He had to retake the management exam but now runs one of the biggest IT companies in Transylvania and also manages several other companies in various industry segments. Some of them were established out of passion, others because he saw a good business opportunity. Levente Szélyes, CEO of Softech started his career in a similar way to many professionals: after finishing university, he worked as an employee for a local company but chose to work abroad when he spotted an opportunity in Munich to work on a project at the Technical University of Munich.
He went abroad with a clear plan: work there for two years, then come back and establish a company. He stuck with the original plan, despite the attractive lifestyle he had become accustomed to in Munich and , established his first company, Softech, in the autumn of 1998, and obtained his first contracts from Siemens.
This opened up doors to new opportunities, which led to new joint ventures such as Softline, later renamed Evoline. When Accenture acquired this company in 2013, Evoline was among the biggest IT companies in the area with a revenue of RON 57.9 million (~€12.2 million) recorded in 2012. “I felt the working conditions of a multinational corporation weren’t comfortable for me, so I decided to focus on my own company, Softech,” Szélyes commented to TransylvaniaNOW when asked about his exit from Evoline. That, however, happened in 2008, five years before Accenture made a purchase offer for the Transylvanian company.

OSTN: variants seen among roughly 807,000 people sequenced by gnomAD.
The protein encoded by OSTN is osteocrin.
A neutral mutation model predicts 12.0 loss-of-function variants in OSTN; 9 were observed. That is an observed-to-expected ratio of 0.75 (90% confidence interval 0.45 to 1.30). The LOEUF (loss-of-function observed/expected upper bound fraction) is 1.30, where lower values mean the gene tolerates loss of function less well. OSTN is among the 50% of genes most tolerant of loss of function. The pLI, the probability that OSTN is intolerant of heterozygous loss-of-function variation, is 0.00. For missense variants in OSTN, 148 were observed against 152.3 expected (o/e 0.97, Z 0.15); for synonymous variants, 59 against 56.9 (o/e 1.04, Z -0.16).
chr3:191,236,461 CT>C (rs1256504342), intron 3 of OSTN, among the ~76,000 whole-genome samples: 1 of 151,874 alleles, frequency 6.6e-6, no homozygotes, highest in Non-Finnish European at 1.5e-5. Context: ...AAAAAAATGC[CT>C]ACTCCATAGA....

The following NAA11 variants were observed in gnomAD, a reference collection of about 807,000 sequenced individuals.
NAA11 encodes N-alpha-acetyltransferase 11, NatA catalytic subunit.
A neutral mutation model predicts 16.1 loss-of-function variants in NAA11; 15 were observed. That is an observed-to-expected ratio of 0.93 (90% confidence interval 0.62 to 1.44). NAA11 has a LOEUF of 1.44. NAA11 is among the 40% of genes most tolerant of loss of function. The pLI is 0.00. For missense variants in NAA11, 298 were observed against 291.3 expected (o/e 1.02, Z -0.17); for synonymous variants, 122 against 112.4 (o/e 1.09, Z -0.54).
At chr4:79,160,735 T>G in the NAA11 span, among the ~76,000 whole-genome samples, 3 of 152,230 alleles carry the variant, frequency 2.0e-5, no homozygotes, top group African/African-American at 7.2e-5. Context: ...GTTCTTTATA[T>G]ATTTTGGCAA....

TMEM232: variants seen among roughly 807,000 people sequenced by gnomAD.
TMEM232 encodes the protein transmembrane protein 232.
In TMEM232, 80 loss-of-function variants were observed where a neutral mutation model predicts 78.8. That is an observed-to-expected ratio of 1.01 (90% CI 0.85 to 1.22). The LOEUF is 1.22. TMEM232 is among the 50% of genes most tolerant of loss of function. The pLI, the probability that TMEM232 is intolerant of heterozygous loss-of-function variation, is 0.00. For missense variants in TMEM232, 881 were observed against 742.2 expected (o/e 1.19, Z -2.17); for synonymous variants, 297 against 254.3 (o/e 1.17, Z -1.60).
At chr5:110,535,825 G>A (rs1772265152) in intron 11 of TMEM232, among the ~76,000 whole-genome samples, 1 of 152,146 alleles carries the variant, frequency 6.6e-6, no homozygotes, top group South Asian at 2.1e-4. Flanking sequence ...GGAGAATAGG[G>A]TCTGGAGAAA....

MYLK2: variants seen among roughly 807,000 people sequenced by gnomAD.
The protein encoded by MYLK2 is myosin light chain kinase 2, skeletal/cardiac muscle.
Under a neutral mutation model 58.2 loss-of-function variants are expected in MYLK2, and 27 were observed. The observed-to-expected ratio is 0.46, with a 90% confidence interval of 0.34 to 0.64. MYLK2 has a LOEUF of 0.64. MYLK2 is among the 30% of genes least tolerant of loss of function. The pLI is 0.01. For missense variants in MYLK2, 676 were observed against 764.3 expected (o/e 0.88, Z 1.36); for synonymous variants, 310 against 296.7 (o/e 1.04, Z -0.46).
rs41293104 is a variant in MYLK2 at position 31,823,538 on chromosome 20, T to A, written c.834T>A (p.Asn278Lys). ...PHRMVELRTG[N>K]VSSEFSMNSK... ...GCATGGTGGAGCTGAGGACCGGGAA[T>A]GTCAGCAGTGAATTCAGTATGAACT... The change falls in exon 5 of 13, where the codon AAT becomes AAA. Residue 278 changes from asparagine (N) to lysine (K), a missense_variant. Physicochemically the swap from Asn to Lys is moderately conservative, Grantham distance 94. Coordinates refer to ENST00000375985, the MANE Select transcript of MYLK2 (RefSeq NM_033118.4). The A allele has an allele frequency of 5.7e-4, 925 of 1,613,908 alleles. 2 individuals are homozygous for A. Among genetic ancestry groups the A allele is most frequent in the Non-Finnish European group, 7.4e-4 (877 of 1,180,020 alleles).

The financial crisis hit Softech hard: he had to let go more than dozen of his employees in order to survive, especially because they were working on real-estate projects. “Ten years after the financial crisis we feel that everything is going well: we have good clients, and 110 colleagues,” Szélyes said. “If we add that the whole team is Hungarian, this makes Softech the biggest Hungarian IT company in Transylvania. Of course, there are bigger IT firms in the region, but they have mixed teams of ethnic Hungarians and Romanians.” Sales for 2018 were €3.3 million, according to official data released by the company.
This is why the Codespring mentor program was born in partnership with Babes-Bolyai University in Kolozsvár/Cluj-Napoca. Since 2012 Hungarian IT students of the University have been able to enroll for the mentorsing program starting the second half of their very first year and take part in practical IT training in order to access professional knowledge and hands-on experience. In addition, the program provides appropriate a professional framework and consultancy for students writing their B.Sc. theses and facilitates the transit from the academic world to the field of work.